Any better ways to ensure that deleted files are non recoverable?

Discussion in 'macOS' started by derekmcwilliams, May 4, 2006.

  1. derekmcwilliams macrumors newbie

    Jun 30, 2004
    In the UK
    Hello guys,

    I'm preparing to sell my 17" G4 Powerbook to a friend but Im not going to reinstall the OS - theres some software on there that Ive bought off the internet but since lost the installer / serials etc.

    Id like to ensure that all the files that I have deleted, some deleted not using the 'secure trash' method are non-recoverable - and I dont know of the best way to do so...

    So... I did the following: while true; do cat sometextfilewithrandomtextin >>/testfile done ... and just waited for my disk to fill up and then rm'd the file... it's VERY crude but also quick.

    For all of those that really know the guts of Mac FS (HFS is it?), should this be sufficient?

    Thanks in advance...
  2. wordmunger macrumors 603


    Sep 3, 2003
    North Carolina
    It sounds like that would work, but if you really want to be sure, I'd get something like drive genius, which can check your drive for file fragments and securely delete them. I guess it's a question of whether you trust your friend, or whether it's worth $99 to be sure.
  3. Mitthrawnuruodo Moderator emeritus


    Mar 10, 2004
    Bergen, Norway
  4. derekmcwilliams thread starter macrumors newbie

    Jun 30, 2004
    In the UK
    Yep, its just like me to overlook the things right under my nose..

    ..theres my feet.

  5. janey macrumors 603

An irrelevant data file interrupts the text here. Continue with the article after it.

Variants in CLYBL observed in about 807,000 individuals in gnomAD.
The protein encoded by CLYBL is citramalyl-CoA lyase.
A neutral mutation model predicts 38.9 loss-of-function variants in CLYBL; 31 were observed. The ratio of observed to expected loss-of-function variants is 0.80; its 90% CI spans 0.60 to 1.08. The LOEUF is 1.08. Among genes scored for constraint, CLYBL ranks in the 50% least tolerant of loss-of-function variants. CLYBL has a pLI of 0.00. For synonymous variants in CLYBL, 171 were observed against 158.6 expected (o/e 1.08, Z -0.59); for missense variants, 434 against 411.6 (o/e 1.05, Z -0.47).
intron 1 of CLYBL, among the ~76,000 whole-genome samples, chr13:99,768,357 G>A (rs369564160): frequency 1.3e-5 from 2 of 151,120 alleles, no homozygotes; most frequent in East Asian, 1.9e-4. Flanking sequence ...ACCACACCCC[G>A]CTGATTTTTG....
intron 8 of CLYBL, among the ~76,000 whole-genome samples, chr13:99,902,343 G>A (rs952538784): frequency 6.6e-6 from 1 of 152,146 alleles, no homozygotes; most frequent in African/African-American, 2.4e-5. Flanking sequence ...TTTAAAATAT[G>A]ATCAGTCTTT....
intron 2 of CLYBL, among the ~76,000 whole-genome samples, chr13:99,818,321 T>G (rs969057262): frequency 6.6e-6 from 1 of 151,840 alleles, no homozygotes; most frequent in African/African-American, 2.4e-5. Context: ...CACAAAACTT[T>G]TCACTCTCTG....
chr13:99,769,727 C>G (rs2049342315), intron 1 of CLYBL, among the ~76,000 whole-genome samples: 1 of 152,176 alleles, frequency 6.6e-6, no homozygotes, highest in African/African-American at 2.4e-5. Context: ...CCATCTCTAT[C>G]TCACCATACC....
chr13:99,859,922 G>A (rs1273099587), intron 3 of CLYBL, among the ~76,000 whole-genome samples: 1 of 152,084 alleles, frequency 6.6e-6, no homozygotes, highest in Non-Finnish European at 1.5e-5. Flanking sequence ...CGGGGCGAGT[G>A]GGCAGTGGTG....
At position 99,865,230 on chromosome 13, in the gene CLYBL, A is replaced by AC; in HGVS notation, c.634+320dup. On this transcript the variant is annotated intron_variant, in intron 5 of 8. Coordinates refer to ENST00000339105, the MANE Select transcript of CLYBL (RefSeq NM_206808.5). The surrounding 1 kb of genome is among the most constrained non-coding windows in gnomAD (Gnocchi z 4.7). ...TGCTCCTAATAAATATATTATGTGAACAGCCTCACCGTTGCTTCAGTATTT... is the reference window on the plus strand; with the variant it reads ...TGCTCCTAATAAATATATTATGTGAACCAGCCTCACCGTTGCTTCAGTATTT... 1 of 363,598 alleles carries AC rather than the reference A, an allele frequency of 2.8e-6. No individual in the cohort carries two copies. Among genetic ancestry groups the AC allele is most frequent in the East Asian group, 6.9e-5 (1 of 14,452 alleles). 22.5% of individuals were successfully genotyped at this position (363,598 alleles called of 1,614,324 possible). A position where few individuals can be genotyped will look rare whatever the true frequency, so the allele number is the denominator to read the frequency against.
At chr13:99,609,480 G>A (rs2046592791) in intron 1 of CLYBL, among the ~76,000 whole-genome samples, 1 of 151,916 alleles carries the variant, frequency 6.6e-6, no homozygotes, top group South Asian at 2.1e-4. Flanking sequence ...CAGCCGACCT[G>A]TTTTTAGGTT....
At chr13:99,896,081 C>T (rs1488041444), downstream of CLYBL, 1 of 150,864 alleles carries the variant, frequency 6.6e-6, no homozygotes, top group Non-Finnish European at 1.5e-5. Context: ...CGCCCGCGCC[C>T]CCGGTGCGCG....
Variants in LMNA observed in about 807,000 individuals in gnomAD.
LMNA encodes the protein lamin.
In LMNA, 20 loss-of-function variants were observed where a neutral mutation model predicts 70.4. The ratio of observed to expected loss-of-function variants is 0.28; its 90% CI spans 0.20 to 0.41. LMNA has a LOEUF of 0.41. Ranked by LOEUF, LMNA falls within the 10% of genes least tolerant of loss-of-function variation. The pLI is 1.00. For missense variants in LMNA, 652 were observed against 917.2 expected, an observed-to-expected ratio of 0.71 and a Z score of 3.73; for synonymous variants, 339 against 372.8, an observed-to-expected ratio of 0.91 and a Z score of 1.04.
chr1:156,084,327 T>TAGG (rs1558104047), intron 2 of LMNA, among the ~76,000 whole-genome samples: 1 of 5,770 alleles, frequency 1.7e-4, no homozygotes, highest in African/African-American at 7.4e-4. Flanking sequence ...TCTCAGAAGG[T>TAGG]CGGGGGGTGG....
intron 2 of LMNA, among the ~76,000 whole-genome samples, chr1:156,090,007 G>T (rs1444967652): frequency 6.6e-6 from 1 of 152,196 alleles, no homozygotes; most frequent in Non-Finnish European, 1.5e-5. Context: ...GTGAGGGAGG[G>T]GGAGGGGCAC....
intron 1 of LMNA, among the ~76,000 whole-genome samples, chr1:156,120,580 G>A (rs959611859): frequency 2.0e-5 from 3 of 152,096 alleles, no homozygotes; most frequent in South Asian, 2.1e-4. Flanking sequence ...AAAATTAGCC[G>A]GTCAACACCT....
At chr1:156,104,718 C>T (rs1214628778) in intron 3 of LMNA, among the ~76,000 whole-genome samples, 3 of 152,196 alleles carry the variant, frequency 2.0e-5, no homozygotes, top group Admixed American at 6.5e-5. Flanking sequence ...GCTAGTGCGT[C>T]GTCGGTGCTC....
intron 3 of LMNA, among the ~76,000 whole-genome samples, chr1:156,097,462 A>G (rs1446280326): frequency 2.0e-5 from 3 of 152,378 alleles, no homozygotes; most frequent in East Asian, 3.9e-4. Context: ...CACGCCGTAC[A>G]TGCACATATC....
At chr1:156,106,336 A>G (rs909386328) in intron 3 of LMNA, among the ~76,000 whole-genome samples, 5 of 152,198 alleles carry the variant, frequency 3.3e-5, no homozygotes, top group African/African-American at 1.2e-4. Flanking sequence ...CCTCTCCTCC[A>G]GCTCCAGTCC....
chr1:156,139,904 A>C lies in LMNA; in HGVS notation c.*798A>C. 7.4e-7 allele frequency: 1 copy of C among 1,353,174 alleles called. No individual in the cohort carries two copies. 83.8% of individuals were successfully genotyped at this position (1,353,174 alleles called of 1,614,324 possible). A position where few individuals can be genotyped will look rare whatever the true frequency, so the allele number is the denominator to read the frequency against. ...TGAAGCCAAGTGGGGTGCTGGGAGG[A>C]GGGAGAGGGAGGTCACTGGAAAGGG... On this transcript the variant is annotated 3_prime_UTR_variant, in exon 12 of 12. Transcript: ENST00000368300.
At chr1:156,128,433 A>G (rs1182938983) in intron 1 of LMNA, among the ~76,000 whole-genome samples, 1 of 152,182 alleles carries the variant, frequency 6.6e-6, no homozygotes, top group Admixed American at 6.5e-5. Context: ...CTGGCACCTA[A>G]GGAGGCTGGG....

Dec 20, 2002
    sunny los angeles
    try cat /dev/random next time haha.

    Or, the better way, remove the drive altogether and replace it with a new one (if that's an option).

    Odds are though, your friend won't care enough/doesn't know enough to get the data back even after just a cursory erase.
  6. ChrisA macrumors G4

    Jan 5, 2006
    Redondo Beach, California
    That would likey easae it but there is stil a chance of some data recovry. For example the swap space would not be erased and there might be some data that was held in RAM once still in not yet overwritten swap.
    There are caches and temp files that you may not have found and deleted. You can't know if you got them all

    Around here when a disk once held clasified data theyhave a way of deleting it -- they disasseble the drive, remove the platters then physically destroy them. Nothing short of this can have 100% provable certainty.
  7. mmcxiiad macrumors 6502

    Jul 19, 2002
    zeroing the data out when you format makes the restoration of data more difficult. imagine data recovery like layers. the more times you write over that part of the drive the harder it is to restore it. this can also be done in disk utility.... but fyi - the process isn't quick.

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